• Referring to FIG. 9, one embodiment of a baffle 325 for a secondary vent member 310 will be described in detail. The illustrated baffle 325 includes a first sidewall 325 a, a second sidewall 325 b, and a third sidewall 325 c. The first to third sidewalls 325 a-325 c are secured to the top surface of the bottom plate 310 b of the secondary vent member 310, using any suitable connecting means. The first and second sidewalls 325 a, 325 b extend substantially in a direction that is generally transverse to the direction of the eave of a roof when the secondary vent member 310 is installed in the roof. The third sidewall 325 c extends in a direction that is generally parallel to the direction of the eave of a roof when the secondary vent member 310 is installed in the roof. In other embodiments, the directions of the sidewalls can vary widely, depending on the configuration of the secondary vent member. For example, the sidewalls need not extend linearly, but may be curved.
  • One end of the first sidewall 325 a closest to the downslope edge is preferably attached to one end of the third sidewall 325 c. One end of the second sidewall 325 b closest to the down-slope edge is preferably attached to the other end of the third sidewall 325 c. For example, the first, second, and third sidewalls 325 a, 325 b, 325 c can be joined together, the first and second sidewall 325 a, 325 b positioned on opposite sides of the opening 305 and oriented generally transverse to the downslope edge of the bottom plate 310 b. The third sidewall 325 c is positioned downslope of the opening 305 and oriented generally parallel to the downslope edge of the bottom plate 310 b. In some embodiments, the sidewalls need not connect end-to-end with other sidewalls, but may connect at other points along a given sidewall. The sidewalls may be formed integrally with one another or formed separately.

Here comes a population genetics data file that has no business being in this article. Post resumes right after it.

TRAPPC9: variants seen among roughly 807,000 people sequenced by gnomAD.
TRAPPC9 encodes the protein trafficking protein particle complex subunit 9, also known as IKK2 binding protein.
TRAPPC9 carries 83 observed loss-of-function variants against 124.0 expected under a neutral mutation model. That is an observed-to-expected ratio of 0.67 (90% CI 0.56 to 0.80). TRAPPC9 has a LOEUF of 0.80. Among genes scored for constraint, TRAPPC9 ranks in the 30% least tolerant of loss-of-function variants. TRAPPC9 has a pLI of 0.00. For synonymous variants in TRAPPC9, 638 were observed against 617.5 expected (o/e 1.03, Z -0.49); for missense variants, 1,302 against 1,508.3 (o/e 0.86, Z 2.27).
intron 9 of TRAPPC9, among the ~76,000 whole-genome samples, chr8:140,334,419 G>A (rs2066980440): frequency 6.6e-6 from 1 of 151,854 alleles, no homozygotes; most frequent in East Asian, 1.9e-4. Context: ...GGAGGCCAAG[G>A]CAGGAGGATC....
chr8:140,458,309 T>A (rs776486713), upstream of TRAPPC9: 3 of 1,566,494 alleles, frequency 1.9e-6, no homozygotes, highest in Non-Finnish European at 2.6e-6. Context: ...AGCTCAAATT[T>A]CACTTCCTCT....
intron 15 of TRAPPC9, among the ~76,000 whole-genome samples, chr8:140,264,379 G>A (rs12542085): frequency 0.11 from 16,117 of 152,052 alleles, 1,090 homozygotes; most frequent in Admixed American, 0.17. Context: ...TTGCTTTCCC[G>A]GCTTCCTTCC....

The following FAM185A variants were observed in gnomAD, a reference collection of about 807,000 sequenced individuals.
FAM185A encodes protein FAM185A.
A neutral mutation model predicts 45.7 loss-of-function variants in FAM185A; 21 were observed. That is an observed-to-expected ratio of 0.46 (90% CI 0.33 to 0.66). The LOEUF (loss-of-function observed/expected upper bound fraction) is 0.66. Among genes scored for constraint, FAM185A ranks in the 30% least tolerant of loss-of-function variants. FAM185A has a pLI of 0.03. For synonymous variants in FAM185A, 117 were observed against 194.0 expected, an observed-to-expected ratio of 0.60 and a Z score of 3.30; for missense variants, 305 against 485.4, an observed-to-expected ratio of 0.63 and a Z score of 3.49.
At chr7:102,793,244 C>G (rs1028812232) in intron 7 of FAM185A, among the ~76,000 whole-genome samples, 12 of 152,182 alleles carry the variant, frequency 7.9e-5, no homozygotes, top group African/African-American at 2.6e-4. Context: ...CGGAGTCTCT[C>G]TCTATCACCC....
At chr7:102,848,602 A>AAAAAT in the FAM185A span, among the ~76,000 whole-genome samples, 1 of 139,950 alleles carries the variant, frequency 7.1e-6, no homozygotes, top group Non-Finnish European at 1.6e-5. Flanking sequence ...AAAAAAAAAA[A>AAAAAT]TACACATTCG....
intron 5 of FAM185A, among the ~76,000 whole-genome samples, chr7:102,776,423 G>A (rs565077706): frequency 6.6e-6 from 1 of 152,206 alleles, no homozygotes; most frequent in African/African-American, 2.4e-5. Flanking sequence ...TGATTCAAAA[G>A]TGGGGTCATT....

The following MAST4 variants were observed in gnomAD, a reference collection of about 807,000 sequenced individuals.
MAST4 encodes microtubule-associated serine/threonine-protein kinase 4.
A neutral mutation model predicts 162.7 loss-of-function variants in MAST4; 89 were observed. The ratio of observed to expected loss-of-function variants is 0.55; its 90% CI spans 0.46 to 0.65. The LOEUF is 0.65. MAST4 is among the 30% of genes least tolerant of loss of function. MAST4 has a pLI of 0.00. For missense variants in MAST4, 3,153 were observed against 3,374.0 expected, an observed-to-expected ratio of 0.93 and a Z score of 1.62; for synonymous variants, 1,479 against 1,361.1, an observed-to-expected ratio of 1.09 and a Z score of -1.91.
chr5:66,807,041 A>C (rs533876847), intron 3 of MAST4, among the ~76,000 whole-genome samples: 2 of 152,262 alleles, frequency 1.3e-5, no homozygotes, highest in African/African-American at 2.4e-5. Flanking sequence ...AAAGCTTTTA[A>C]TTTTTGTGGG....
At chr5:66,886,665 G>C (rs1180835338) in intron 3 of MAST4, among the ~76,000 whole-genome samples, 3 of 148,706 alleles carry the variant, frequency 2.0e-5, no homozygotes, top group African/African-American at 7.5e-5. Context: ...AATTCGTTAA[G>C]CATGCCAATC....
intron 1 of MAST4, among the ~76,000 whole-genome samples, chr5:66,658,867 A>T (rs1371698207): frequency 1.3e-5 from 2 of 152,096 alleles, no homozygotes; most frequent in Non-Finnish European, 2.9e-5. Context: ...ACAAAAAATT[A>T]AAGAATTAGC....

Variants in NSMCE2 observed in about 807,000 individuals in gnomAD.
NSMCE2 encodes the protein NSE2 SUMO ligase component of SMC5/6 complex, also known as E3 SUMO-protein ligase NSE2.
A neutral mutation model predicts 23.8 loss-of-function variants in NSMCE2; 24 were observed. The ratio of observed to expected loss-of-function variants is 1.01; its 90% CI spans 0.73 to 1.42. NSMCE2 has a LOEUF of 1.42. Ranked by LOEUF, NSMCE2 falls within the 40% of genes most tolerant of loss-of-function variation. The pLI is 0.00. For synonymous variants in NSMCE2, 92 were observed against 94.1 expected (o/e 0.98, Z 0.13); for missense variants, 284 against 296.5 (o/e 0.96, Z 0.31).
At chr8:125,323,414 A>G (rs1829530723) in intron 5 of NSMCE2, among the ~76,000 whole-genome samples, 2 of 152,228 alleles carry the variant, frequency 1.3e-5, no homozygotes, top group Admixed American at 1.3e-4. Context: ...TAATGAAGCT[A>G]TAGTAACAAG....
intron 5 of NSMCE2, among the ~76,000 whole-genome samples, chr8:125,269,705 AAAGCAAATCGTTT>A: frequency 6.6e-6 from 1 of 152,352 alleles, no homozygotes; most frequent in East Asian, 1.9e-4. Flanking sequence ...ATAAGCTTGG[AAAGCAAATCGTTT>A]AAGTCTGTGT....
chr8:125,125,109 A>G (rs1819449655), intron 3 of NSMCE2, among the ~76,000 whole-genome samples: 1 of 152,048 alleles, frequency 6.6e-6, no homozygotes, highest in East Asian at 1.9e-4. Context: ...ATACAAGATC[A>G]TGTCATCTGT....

• Each of the first and second sidewalls 325 a, 325 b may have an L-shaped cross-section when viewed from the downslope edge, as shown in FIG. 10D. An angle A formed by the cross-section may or may not be 90 degrees, and may vary widely, depending on the curvature of the top surface of the bottom plate 310 b of the secondary vent member 310. A portion 320 of the L-shape can be secured to the bottom plate 310 b by, e.g., rivets, screws, nuts and bolts, adhesive, and the like.
  • The third sidewall 325 c may have a U-shaped cross section, for example, as shown in FIG. 10A. The illustrated third sidewall 325 c includes a first portion 325 c′ secured to the top surface of the bottom plate 310 b of the secondary vent member 310, a second portion 325 c″ spaced from the first portion 325 c′, and a third portion 325 c′″ that connects the second portion 325 c″ to the first portion 325 c′. In some embodiments, portion 325 c′ can be omitted. The third portion 325 c′″ extends upward from the bottom plate 310 b, and the second portion 325 c″ extends from the third portion 325 c′″ in a downslope direction away from the opening 305, to define a space 330 between the bottom plate 310 b and the second portion 325 c″. In other embodiments, the cross-section and ends of the third sidewall 325 c may have different shapes, for example, as shown in FIGS. 11A-11C.
  • The U-shaped cross section of the third sidewall 325 c prevents ingress of water into the opening 305 of the bottom plate 310 b of the secondary vent member 310. In addition, the U-shaped cross section facilitates air circulation and generates an area of low pressure. This configuration helps draw air out of a region below the secondary vent member 310 (for example, an attic region under the roof).